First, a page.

India raps ‘unacceptable’ American surveillance
NEW DELHI: India’s foreign minister told her visiting counterpart John Kerry on Thursday that US surveillance of an ally was “unacceptable” following allegations that Washington’s National Security Agency targeted the ruling party.
“I raised this issue and even told them that when the news came out in the Indian media, people were angry,” Foreign Minister Sushma Swaraj said at a joint press conference with Kerry.
“I also told them that if we consider each other friendly countries, it is unacceptable that a friendly country spies on other friendly nations.”
A classified document made public by the Washington Post earlier this month showed that India’s ruling Bharatiya Janata Party (BJP) was among authorized targets for the NSA in 2010 while it was in opposition.
In response, Kerry told reporters: “We have a policy in the United States with respect to intelligence matters, we do not discuss intelligence matters.”
Also on Thursday, Kerry voiced optimism about working with the new Indian government.
The United States and India have described each other as natural allies with common concerns about a rising China and militancy, but the world’s largest democracies have weathered an unusually large number of disputes in the past year.
Kerry, who met senior Indian leaders in New Delhi, said that he wanted to “see things move in a very positive way” after Prime Minister Narendra Modi swept to power in May elections.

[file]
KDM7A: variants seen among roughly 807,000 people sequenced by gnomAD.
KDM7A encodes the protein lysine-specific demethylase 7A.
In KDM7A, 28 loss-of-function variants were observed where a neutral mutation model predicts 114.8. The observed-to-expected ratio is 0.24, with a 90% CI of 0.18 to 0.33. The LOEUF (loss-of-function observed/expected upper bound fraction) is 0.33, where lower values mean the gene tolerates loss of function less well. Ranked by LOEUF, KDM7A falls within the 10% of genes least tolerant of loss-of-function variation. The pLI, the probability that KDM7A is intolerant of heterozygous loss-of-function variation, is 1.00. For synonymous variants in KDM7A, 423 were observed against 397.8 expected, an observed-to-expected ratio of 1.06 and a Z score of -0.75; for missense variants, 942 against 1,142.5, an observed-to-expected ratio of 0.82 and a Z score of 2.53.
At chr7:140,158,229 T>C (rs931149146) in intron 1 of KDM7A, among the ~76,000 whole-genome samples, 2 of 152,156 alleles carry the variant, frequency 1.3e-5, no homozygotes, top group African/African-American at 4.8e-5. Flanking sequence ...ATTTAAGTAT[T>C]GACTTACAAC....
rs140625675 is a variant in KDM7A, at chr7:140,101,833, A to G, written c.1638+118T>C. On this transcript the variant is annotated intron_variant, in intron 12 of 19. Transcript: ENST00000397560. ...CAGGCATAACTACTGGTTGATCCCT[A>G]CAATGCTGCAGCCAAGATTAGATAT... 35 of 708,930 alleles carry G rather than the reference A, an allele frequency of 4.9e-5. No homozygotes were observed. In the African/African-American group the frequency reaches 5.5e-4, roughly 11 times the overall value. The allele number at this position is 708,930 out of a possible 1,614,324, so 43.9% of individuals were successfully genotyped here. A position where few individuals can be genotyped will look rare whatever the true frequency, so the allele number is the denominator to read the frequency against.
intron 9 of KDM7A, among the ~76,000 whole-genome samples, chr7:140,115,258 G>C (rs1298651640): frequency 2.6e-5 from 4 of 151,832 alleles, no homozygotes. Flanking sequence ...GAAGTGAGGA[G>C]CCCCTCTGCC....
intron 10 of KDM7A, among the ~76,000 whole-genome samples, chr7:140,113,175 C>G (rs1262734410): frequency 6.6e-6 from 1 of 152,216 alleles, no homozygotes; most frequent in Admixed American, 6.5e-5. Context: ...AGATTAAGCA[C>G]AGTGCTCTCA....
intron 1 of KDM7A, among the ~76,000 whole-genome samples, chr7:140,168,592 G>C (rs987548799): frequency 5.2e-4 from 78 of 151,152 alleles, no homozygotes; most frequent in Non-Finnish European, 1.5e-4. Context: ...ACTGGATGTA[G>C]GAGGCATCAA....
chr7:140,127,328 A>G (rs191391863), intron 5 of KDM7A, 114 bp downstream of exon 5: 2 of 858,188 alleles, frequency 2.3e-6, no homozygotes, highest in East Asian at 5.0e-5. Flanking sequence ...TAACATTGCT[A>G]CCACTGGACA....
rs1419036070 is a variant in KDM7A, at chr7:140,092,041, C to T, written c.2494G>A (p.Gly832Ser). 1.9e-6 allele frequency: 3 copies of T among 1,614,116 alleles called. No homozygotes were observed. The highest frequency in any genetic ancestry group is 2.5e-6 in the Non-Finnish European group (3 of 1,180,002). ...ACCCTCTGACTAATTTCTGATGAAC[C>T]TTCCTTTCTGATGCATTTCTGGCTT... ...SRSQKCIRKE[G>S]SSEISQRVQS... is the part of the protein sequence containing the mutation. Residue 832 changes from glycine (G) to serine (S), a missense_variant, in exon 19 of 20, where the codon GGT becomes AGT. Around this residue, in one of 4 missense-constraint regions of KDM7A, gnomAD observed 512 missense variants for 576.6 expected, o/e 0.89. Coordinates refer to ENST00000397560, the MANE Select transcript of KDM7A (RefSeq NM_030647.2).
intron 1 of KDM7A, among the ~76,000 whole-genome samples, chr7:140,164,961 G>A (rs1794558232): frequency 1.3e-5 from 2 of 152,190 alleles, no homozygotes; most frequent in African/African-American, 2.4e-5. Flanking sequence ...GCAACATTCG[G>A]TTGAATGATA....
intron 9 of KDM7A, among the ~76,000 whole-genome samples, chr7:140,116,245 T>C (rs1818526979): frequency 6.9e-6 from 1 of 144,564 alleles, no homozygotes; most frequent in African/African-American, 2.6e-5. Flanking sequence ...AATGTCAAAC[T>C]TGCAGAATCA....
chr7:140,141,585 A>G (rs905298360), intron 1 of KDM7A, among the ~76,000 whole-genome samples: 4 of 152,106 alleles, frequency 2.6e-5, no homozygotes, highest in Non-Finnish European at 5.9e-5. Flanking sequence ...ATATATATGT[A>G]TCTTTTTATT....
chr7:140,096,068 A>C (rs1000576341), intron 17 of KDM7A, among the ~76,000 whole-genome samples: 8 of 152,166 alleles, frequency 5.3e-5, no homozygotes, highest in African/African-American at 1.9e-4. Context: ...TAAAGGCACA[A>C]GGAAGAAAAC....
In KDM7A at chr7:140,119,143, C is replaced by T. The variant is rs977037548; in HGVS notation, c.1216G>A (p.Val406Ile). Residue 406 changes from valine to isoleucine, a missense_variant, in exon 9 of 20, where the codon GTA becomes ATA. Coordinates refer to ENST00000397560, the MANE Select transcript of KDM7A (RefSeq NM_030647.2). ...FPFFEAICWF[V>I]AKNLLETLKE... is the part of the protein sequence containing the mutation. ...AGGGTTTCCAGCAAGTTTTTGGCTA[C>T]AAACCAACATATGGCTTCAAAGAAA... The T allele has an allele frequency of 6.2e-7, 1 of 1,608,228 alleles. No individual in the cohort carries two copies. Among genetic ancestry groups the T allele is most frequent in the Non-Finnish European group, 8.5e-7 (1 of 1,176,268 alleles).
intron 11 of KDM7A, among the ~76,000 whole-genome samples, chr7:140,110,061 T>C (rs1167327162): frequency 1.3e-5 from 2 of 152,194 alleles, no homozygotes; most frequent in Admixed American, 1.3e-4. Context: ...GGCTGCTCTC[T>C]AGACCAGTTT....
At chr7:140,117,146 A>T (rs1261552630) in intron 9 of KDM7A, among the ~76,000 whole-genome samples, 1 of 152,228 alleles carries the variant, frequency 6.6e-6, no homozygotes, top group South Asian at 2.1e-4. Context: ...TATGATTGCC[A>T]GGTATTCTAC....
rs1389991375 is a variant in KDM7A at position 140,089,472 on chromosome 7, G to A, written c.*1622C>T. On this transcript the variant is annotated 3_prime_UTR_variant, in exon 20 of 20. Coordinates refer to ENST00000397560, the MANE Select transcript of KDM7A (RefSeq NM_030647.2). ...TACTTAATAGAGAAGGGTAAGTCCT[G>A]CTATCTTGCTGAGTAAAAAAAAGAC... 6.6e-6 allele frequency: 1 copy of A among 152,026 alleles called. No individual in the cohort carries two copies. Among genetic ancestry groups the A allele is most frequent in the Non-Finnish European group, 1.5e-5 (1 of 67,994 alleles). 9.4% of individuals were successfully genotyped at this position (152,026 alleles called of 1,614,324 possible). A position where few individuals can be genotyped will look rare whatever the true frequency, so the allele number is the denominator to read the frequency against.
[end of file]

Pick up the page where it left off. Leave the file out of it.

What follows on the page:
“We want a new relationship. We want to see things move in a very positive way,” Kerry told India’s NDTV television.
“We are excited about Prime Minister Modi’s direction and wanting to provide jobs,” Kerry said.
“The things he wants to do for electricity, for the people. We think there’s a lot that the United States and India can work on together,” he said shortly after meeting Finance and Defense Minister Arun Jaitley, a key player in the new government.
Kerry will on Friday meet Modi, a Hindu nationalist who was shunned by Washington until his election campaign over allegations of complicity in anti-Muslim riots as leader of Gujarat state in 2002.
In a dramatic turnaround since his election, Western powers have raced to court Modi who will visit Washington in September to meet President Barack Obama.
“We will welcome Prime Minister Modi. Of course he will get a visa, no questions whatsoever and we look forward to a terrific meeting with President Obama,” said Kerry.